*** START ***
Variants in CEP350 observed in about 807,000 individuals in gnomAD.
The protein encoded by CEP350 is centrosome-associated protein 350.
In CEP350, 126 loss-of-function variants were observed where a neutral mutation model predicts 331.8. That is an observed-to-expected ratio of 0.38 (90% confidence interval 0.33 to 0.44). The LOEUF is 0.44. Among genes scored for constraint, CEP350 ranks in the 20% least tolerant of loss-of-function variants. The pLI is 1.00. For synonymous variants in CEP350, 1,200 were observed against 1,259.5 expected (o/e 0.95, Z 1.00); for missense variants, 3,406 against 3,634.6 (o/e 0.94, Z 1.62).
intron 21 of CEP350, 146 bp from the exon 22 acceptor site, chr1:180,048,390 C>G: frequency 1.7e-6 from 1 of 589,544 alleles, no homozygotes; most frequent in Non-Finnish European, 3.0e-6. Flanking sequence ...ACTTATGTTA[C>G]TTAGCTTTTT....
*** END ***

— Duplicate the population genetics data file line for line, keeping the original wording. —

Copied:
Variants in CEP350 observed in about 807,000 individuals in gnomAD.
The protein encoded by CEP350 is centrosome-associated protein 350.
In CEP350, 126 loss-of-function variants were observed where a neutral mutation model predicts 331.8. That is an observed-to-expected ratio of 0.38 (90% confidence interval 0.33 to 0.44). The LOEUF is 0.44. Among genes scored for constraint, CEP350 ranks in the 20% least tolerant of loss-of-function variants. The pLI is 1.00. For synonymous variants in CEP350, 1,200 were observed against 1,259.5 expected (o/e 0.95, Z 1.00); for missense variants, 3,406 against 3,634.6 (o/e 0.94, Z 1.62).
intron 21 of CEP350, 146 bp from the exon 22 acceptor site, chr1:180,048,390 C>G: frequency 1.7e-6 from 1 of 589,544 alleles, no homozygotes; most frequent in Non-Finnish European, 3.0e-6. Flanking sequence ...ACTTATGTTA[C>G]TTAGCTTTTT....